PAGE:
What is Logo?
A logo is a symbol made up of text, images or combination of both associated with a business or brand. Logo describe what a company and brand does. Logo can be categorized into 7 types based on their usage.
7 Types of Logo
- Monogram logos (or lettermarks)
- Wordmarks (or logotypes)
- Pictorial marks (or logo symbols)
- Abstract logo marks
- The combination mark
- The emblem
1. Monogram logos (or lettermarks)
Monogram logos or lettermarks are logos that contain letters, usually the initials of the full name. IBM, CNN, HP, HBO. Notice a pattern, yes? Those are the initials of some well-known companies with instead of the long names. With very short words to remember, they have turned to using their initials for brand identification. It is absolutely making sense to use monograms – it may call lettermark logos – to represent organizations.
A lettermark can also be a typography-based logo that consists of a few letters, usually the initials of a company. The lettermark is about simplicity. By using a few letters, lettering logos are effective in streamlining all brand names if they have an extended name. By way of example, what proportion is easier to say – and remember – NASA versus the National Aeronautics and Space Administration?
Since most of the goal is on initials, the font you decide on (or create) is extremely important to make sure that your logo is not only the theme of what your company does, but also legible when you press business cards. If you are not a long-term business already, you will want your full company name under the brand so people can start searching for who you are directly.
2. Wordmarks (or logotypes)
Like a lettermark, a wordmark or logotypes can be a font-based logo that points on a company’s name alone. Think Visa and Coca-Cola. Wordmark logos work quite well when a company has a concise and clear name. The Google logo can be a good example of this. The name itself is eye-catching and memorable, so when combined with strong typography, helps to create strong brand recognition.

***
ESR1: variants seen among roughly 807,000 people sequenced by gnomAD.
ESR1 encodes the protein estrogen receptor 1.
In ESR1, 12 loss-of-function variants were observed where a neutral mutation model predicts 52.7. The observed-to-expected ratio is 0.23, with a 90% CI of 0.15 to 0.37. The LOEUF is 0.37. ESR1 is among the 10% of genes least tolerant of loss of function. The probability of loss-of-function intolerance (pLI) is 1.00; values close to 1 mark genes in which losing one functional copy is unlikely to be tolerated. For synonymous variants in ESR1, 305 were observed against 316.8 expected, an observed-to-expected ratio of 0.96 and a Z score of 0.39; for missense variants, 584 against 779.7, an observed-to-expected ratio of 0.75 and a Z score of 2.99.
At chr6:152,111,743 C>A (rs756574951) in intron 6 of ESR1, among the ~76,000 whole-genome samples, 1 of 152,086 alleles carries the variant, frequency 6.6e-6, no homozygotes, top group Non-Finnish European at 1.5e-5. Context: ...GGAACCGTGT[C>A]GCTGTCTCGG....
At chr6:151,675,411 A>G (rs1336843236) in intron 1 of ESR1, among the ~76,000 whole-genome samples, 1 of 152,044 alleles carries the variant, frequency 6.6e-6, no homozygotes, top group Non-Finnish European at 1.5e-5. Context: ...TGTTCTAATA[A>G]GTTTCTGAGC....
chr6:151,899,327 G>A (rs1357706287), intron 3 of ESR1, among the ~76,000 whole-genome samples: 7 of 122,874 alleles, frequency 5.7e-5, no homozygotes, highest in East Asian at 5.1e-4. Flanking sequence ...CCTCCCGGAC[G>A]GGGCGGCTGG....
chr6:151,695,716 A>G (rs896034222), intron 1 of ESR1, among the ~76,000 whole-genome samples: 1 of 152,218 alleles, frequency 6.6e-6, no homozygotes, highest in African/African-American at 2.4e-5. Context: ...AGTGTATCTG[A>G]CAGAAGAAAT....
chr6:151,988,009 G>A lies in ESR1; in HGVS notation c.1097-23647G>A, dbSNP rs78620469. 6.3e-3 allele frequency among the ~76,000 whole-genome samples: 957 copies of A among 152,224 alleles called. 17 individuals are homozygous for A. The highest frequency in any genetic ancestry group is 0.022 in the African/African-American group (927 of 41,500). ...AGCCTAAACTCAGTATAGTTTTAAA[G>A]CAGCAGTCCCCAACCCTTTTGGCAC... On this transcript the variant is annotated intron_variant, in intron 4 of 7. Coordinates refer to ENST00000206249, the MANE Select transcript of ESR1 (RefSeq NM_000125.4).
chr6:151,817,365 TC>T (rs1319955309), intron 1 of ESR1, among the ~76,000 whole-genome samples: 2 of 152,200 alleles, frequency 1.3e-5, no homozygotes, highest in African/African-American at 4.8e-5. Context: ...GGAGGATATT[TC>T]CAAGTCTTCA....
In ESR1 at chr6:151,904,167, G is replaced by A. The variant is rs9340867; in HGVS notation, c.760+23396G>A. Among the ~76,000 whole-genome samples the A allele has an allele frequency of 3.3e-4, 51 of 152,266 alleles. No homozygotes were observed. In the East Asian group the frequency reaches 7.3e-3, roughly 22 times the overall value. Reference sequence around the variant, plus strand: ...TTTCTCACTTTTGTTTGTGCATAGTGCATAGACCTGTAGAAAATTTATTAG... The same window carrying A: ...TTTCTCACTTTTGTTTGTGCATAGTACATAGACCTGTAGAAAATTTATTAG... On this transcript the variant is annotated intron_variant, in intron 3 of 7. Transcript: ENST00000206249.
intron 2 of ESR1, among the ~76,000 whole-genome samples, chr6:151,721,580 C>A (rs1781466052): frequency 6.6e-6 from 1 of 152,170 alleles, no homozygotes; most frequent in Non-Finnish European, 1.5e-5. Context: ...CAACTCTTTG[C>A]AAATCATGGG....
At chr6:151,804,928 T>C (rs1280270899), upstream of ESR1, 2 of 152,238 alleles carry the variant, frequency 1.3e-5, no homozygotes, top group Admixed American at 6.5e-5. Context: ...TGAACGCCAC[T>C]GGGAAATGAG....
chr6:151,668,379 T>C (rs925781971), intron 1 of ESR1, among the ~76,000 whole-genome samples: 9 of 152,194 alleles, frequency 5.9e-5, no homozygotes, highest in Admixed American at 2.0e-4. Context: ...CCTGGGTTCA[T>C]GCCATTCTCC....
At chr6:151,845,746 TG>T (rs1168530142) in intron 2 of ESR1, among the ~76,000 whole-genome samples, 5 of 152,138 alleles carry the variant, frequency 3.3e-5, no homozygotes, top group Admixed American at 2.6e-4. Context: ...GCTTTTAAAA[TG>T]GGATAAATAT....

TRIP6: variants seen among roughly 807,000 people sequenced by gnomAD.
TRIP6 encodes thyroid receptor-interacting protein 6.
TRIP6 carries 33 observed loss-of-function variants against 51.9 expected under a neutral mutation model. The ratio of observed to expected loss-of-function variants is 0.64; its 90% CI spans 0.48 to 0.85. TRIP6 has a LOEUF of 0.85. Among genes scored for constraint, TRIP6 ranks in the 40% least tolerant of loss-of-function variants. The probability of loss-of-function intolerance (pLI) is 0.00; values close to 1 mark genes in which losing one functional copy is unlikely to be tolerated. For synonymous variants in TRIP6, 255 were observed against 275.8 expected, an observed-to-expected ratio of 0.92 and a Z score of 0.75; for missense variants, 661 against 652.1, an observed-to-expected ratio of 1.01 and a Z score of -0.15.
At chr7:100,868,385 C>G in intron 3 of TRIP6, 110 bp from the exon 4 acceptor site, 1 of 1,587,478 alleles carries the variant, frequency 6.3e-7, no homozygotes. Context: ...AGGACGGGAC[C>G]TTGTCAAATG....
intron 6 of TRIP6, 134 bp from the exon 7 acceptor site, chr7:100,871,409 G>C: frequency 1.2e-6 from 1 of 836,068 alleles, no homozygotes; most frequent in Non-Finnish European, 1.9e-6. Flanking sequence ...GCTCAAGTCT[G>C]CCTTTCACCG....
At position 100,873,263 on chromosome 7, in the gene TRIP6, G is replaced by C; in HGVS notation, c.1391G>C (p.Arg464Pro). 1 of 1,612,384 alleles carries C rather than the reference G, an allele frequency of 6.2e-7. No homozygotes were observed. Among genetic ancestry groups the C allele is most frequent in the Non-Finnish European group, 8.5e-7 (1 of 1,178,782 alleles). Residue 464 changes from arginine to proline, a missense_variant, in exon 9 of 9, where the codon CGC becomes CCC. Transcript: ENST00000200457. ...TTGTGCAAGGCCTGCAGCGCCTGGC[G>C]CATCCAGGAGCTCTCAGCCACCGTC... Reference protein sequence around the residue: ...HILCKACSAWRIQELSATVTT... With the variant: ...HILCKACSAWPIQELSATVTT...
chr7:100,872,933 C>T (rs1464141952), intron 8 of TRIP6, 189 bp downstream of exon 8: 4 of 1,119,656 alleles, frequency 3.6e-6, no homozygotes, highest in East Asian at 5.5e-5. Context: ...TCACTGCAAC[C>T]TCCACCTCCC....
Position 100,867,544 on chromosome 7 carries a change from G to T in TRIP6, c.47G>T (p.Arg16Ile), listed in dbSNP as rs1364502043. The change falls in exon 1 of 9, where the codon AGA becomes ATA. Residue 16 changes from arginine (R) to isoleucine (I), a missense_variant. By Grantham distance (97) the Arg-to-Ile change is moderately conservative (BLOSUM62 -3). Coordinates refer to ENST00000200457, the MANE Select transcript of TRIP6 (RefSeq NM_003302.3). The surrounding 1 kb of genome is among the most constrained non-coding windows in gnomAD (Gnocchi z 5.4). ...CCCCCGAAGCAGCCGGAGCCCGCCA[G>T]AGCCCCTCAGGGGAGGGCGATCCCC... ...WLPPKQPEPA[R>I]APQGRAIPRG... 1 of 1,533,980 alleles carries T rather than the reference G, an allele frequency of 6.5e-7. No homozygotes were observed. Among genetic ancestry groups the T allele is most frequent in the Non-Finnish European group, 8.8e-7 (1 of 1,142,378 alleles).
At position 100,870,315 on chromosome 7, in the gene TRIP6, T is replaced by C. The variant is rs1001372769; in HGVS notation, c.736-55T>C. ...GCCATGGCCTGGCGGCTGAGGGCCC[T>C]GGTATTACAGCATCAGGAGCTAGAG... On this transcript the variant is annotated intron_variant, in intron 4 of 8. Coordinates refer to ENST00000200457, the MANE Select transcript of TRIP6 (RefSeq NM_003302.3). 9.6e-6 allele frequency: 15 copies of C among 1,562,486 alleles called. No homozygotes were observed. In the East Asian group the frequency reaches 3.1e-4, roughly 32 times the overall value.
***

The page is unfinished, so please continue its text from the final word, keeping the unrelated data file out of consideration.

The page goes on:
As with a lettermark logo, typography will be a crucial decision. The first main goal will be on your name, want to choose a font – or create a font – that captures the essence of what your company does. For example, fashion labels use clean, elegant fonts that feel advanced, while legal or government images almost always follow traditional, “heavier” text that feels secure.
Points to remember
- Consider a lettermark type logo if your business is having a long name. And initials will help simplify your design and likewise customers will have an easier time recalling your business and your logo.
- Wordmark type logo is always a good decision if you’re having a new business and want to recognized by name, just make sure that name is short enough to take advantage of the design.
- If your business name is having a unique name which will stick in customers’ minds, then wordmark logo type is a good idea.
- Lettermark and wordmark both types of logos are easy to manage across marketing material and makes branding highly adaptable options for a new, and developing, business.
3. Pictorial marks (or logo symbols)
It is an icon or a graphics-based logo. The image that involves the mind when you think of that “logo”. Examples are Apple logo, Twitter bird logo and thus the Bullseye case. Each of these company logos is so emblematic and each brand so established that the logo alone can be immediately recognized. a real brand is simply a picture. Because of this, it is often a difficult logo for brand new companies or those who do not have a strong brand to use.